Another blow as AMP could face criminal charges

Banking royal commissioner Kenneth Hayne QC has been told he could make a series of misconduct findings against AMP over the fees for no service issue. The misconduct could include management and the board’s role in changing a supposedly independent report about the matter, the royal commission heard on Friday.

The report into how AMP charged clients fees for services they didn’t receive went through 25 draft versions with changes from the company, the inquiry has heard.

Senior counsel assisting the banking royal commission Rowena Orr QC on Friday outlined a series of possible findings against AMP, including criminal penalties for breaches of the Corporations Act.

Ms Orr said evidence before the inquiry showed AMP and its advice licensees made 20 false or misleading statements or representations to ASIC about the extent and nature of its ongoing service fees conduct.

She said the commission could find four of the 20 misleading statements were material.

That was because they were likely to affect, or appeared intended to affect, the manner in which ASIC went about investigating the conduct, and AMP’s approach to appropriate compensation for victims.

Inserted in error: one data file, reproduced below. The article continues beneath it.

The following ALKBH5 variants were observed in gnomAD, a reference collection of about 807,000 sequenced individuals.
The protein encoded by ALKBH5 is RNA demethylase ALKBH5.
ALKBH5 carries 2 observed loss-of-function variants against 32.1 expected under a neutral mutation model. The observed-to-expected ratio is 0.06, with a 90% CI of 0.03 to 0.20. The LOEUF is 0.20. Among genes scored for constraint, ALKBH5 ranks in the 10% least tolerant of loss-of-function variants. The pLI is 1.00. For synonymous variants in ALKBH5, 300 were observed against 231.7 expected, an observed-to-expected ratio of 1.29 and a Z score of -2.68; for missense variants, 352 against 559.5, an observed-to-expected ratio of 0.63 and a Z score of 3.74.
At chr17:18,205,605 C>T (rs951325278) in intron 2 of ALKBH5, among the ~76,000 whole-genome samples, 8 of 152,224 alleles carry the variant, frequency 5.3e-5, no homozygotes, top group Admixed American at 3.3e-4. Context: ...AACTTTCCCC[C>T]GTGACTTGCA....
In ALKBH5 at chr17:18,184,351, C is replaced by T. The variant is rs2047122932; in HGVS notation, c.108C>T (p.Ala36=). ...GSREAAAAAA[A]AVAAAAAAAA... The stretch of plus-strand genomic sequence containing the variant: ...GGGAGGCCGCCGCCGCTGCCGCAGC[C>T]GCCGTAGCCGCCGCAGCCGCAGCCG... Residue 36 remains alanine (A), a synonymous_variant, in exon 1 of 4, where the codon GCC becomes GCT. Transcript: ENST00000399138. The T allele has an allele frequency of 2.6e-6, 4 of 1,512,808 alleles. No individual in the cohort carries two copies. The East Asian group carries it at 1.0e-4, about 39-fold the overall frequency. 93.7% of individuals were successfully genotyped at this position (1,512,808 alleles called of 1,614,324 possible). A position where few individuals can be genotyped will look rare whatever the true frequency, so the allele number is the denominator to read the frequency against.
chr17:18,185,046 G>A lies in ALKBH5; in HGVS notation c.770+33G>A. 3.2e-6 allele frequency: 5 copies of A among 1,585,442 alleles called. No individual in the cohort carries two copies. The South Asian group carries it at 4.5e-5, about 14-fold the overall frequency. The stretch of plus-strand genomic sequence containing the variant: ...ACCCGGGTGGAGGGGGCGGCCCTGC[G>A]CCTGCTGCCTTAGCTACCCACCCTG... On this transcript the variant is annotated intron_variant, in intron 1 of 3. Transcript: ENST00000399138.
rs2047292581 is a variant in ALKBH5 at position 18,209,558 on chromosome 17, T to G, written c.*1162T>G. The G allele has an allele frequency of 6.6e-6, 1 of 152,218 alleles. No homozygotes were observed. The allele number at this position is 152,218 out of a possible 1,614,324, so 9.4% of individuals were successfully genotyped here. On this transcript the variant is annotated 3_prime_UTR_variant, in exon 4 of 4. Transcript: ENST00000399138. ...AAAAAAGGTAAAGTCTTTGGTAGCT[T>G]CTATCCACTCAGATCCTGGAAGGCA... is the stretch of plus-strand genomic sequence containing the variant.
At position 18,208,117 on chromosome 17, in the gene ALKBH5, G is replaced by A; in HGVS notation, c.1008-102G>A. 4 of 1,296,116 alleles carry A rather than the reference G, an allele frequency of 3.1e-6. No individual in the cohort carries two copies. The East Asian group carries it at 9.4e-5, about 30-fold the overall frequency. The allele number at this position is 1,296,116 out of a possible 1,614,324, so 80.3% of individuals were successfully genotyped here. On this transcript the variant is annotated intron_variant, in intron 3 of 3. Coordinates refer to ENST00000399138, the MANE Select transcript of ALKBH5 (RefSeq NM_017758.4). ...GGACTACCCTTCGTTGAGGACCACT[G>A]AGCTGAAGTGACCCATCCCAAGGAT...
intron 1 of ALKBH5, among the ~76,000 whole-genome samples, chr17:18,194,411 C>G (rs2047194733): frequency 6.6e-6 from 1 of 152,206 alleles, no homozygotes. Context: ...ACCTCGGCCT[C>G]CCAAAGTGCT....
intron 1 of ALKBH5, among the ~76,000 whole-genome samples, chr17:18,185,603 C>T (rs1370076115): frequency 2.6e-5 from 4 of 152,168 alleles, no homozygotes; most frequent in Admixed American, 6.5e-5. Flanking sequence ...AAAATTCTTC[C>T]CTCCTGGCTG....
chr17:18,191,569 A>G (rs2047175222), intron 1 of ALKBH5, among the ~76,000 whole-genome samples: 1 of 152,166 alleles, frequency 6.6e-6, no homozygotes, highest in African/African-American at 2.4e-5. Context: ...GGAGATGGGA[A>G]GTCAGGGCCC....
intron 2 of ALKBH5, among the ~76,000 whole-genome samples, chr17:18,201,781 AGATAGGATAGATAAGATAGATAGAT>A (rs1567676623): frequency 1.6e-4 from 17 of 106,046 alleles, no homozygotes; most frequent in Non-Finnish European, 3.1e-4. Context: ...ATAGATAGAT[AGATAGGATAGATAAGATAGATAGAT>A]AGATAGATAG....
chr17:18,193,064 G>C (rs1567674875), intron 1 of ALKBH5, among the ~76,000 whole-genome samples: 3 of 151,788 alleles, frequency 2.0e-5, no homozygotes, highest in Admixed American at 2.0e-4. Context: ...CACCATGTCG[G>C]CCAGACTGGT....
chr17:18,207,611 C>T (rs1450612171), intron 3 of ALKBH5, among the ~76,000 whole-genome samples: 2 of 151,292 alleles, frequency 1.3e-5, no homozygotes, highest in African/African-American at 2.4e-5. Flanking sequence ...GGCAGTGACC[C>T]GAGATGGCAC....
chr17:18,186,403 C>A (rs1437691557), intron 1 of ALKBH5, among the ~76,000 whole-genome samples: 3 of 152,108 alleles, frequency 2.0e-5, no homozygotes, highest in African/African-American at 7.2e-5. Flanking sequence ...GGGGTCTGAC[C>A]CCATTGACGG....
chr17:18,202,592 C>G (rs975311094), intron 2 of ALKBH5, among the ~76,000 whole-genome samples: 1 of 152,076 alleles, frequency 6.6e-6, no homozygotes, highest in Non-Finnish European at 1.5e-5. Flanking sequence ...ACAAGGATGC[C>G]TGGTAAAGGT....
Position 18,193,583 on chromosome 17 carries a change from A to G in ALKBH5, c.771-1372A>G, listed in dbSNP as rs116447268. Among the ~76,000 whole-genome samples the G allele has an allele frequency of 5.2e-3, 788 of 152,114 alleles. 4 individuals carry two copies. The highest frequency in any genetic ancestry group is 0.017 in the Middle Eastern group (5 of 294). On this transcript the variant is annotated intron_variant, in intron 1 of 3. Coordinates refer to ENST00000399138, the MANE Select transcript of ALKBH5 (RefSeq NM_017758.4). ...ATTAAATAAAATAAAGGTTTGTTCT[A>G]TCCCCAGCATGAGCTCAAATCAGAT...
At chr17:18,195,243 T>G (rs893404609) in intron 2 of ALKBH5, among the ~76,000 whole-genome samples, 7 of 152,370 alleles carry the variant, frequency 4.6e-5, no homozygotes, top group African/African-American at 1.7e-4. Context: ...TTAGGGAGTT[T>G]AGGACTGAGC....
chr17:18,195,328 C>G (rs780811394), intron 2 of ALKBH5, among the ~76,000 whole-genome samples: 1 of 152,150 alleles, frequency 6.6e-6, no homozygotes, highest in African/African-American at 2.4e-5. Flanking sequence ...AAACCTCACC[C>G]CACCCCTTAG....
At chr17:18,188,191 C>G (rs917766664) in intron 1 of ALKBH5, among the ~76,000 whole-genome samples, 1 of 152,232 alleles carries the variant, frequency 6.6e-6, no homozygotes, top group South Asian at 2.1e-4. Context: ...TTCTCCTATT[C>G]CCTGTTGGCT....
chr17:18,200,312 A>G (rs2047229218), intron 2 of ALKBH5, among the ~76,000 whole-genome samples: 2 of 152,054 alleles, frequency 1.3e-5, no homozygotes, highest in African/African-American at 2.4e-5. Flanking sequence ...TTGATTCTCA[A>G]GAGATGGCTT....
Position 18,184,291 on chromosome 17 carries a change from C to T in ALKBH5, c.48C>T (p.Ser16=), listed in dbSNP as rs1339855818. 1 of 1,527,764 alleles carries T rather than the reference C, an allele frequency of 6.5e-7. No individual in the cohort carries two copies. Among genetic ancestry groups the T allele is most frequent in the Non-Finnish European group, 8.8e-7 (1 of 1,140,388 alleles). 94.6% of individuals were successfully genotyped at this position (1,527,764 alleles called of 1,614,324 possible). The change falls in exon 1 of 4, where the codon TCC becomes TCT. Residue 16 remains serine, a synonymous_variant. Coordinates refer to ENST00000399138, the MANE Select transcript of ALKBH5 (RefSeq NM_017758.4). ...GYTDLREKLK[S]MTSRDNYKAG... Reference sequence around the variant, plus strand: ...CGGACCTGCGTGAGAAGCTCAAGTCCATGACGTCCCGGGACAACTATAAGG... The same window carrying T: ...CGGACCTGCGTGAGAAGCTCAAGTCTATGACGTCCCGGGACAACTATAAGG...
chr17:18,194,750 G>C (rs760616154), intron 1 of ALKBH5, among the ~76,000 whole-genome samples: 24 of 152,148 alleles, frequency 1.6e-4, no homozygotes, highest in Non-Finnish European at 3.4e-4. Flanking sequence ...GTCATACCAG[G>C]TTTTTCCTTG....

Ms Orr said AMP’s conduct in misleading ASIC also fell below community standards and expectations. “Through AMP’s dealings with ASIC regarding the extent and nature of its fee for no service conduct, AMP adopted an attitude toward the regulator that was not forthright or honest, and demonstrated a deliberate attempt to mislead,” she said.

She told the hearing Mr Hayne could find AMP’s conduct in misleading ASIC was attributable to the company’s culture and governance practices.

“The senior management and executives who contributed to the misleading of ASIC over the two-year period had knowledge of the extent and nature of the conduct and were warned by junior staff about it being a breach, but continued with a misleading narrative to ASIC.”

Ms Orr said it was open for Mr Hayne to find the conduct in relation to the independent report by Clayton Utz amounted to misconduct. She again pointed to section 1308 of the Corporations Act, under which criminal penalties apply.

“Having regard to the changes made to the report, there is a reasonable basis for concluding that AMP, by one or more of its senior employees or officers, knew that the representation that the report and the findings made within it were entirely independent, was materially incorrect,” Ms Orr said.

She said the conduct could also be attributed to AMP’s culture and governance. “It is open to the commissioner to find that it reflects an absence of a compliance culture and a persistent and prevalent attitude at a very senior level within AMP, that it is acceptable to deal with ASIC other than frankly and candidly.”

Prime Minister Malcolm Turnbull has called for a royal commission into misconduct by the financial industry, after the big four banks wrote a letter requesting the commission.

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